Turkey, Iran 'violating international law' in Syria: France

Turkey, Iran 'violating international law' in Syria: France
France's foreign minister has said Iran and Turkey have "violated" international law in Syria and demanded that all Iranian-backed militia, including Lebanon's Hizballah, to withdraw.
3 min read
07 February, 2018
Regime airstrikes killed nearly 70 civilians in Eastern Ghouta on Tuesday [Getty]
Turkey and Iran are violating international law through their actions in Syria, said France's foreign minister on Wednesday, demanding that all Iranian-backed militia, including Lebanon's Hizballah, pulls out of the country.

Jean-Yves Le Drian, speaking on BFM television, added that there were indications Syrian regime forces were using toxic gas against civilians.

On being asked if he wanted Turkish armed forces to withdraw from Syria, Le Drian responded saying that he wanted, "the withdrawal of all those who ought not to be in Syria, including Iranian militia, including Hizballah."

While not explicitly calling for Turkey to pull back from its campaign against Kurdish militias in the northern Syrian region of Afrin, he said Ankara should be careful not to worsen the conflict.

"Ensuring the security of its borders does not mean killing civilians and that should be condemned. In a dangerous situation in Syria, (Turkey) should not add war to war."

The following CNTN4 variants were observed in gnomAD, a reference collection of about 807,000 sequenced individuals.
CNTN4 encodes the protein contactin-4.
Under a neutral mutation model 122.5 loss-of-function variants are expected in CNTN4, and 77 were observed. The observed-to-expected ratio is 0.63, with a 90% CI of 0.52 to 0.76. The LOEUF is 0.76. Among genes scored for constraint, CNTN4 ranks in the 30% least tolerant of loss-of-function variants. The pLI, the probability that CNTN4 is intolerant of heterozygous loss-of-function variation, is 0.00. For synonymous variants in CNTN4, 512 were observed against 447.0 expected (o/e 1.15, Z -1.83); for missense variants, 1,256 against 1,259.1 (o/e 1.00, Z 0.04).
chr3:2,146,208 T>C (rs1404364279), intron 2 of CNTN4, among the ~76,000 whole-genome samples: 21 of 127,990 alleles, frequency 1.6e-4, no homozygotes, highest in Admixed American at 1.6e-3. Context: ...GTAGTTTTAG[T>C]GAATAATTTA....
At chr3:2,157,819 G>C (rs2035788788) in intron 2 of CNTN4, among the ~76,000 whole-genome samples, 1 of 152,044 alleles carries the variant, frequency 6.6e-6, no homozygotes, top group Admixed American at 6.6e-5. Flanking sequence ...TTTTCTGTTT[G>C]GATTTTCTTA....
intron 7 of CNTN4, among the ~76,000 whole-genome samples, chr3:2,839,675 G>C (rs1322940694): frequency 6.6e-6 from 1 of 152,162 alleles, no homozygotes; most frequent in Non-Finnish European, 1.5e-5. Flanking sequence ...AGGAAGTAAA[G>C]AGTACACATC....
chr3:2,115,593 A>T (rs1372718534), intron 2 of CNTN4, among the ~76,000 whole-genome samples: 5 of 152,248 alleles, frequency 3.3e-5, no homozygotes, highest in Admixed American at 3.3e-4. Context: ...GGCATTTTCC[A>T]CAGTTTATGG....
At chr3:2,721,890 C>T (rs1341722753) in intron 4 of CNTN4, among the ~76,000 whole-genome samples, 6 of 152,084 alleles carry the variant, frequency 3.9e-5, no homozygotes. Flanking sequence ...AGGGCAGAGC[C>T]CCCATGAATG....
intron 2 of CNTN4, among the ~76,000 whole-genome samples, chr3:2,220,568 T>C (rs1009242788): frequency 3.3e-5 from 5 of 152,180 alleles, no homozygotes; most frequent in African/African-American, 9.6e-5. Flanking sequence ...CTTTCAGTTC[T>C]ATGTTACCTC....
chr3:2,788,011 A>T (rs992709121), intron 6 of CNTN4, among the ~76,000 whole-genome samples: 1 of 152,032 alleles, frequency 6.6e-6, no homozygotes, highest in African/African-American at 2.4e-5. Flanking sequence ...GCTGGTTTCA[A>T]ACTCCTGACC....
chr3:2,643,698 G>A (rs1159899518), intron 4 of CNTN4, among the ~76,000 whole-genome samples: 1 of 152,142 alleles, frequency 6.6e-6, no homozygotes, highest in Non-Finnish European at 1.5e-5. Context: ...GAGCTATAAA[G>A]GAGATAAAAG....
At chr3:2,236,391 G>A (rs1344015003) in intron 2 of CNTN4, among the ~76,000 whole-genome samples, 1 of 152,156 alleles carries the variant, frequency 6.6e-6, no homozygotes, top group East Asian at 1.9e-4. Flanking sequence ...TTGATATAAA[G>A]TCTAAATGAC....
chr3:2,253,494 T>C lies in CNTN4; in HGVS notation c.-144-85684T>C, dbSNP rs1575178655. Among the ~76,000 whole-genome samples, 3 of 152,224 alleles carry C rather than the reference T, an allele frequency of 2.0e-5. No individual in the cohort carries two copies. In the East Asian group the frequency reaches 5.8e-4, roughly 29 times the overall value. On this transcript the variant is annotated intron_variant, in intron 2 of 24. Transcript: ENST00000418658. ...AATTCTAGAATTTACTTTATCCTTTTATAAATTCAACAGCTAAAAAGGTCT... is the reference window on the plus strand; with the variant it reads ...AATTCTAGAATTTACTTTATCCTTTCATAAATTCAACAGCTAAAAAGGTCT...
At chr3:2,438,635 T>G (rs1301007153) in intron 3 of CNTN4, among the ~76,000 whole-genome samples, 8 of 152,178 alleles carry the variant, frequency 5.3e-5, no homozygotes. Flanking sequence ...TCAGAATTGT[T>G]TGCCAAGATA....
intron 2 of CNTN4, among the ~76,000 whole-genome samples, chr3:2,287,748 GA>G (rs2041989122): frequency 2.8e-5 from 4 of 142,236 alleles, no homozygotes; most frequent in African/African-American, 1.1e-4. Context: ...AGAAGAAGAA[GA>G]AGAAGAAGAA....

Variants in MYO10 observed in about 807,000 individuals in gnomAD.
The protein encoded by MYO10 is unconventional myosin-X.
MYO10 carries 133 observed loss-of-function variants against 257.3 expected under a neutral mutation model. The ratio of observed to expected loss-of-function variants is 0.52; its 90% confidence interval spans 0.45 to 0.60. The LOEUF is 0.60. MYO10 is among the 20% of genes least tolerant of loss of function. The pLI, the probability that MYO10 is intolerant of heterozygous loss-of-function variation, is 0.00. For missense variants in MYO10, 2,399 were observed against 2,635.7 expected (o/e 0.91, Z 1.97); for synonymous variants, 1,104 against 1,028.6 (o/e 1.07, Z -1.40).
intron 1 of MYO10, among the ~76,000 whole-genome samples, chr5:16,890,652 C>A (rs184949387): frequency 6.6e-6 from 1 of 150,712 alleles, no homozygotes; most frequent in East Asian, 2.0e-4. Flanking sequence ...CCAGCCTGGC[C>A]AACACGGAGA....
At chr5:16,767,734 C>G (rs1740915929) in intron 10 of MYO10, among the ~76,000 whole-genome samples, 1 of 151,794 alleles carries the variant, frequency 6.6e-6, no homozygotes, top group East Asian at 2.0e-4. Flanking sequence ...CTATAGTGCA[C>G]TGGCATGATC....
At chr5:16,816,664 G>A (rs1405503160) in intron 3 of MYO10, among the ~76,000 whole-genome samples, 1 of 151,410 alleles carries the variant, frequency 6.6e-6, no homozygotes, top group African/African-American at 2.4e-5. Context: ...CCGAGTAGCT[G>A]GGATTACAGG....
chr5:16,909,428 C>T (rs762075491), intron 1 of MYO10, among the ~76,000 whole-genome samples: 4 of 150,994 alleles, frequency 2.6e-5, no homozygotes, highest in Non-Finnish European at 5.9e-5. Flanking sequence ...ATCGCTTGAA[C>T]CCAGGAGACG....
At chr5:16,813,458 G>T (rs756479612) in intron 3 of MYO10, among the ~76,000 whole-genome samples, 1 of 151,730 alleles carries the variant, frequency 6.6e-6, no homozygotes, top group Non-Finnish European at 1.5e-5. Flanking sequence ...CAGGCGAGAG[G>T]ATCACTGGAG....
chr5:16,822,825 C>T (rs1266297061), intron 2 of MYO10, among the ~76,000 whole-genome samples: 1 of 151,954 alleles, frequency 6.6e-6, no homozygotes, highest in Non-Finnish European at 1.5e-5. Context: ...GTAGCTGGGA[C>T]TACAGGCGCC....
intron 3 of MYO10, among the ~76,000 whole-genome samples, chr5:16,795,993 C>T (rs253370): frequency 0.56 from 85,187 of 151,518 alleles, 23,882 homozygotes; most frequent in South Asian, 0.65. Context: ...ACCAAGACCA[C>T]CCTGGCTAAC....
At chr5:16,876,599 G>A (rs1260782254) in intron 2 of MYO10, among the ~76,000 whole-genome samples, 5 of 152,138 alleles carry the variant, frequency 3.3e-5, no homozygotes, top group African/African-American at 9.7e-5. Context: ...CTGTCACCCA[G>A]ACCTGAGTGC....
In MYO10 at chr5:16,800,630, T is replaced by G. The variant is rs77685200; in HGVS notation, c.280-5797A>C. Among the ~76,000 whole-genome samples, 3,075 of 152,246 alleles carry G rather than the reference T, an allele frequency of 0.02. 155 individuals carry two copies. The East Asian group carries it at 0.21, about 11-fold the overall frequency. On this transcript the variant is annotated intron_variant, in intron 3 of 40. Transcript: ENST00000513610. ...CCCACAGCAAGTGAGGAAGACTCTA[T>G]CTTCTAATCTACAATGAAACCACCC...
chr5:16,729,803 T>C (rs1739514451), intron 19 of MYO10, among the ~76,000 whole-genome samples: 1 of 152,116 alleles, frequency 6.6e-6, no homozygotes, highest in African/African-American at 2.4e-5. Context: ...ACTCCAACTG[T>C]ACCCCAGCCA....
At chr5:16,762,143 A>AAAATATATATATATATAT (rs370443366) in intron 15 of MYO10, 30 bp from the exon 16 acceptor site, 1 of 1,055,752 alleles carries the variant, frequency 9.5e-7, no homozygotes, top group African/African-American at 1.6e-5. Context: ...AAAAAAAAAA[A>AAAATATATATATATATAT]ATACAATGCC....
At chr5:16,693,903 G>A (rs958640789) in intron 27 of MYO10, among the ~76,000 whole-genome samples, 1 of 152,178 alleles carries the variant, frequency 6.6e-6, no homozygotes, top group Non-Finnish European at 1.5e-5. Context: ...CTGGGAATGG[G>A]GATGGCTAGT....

France is part of the US-led coalition fighting the Islamic State group and has backed the Syrian opposition during the civil war, now in its seventh year.

International law "is being violated by Turkey, by the Damascus regime, by Iran and those who are attacking Eastern Ghouta and Idlib," Le Drian added in France's toughest line yet on Turkey's Afrin involvement.

Le Drian added that it looked likely that Assad's forces were using chlorine gas in their Russian-backed offensive on rebel-held Idlib province and in the besieged enclave of Eastern Ghouta.

"I'm speaking with a degree of caution because you have to be careful pending full documentation, but all the indications that we have show that at the moment chlorine is being used by the Syrian regime," Le Drian said, adding that an investigation had been opened by the UN.

On Tuesday, the UN called for an immediate humanitarian ceasefire in Syria of at least a month as regime airstrikes killed nearly 70 civilians in the besieged rebel-held enclave of Eastern Ghouta in one day.

Eastern Ghouta and Idlib, a northern province where violence also flared this week, are both so-called de-escalation zones under a deal last year intended to pave the way towards an end to the conflict.

A UN-mandated committee however said the recent escalation in violence "made a mockery" of the deal, which has failed to stem the fighting as the Syrian government continues its nationwide military reconquest.

Last year in May, French president Emmanuel Macron said that chemical weapons were a red line, and that "any use of chemical weapons would result in reprisals and an immediate riposte, at least where France is concerned".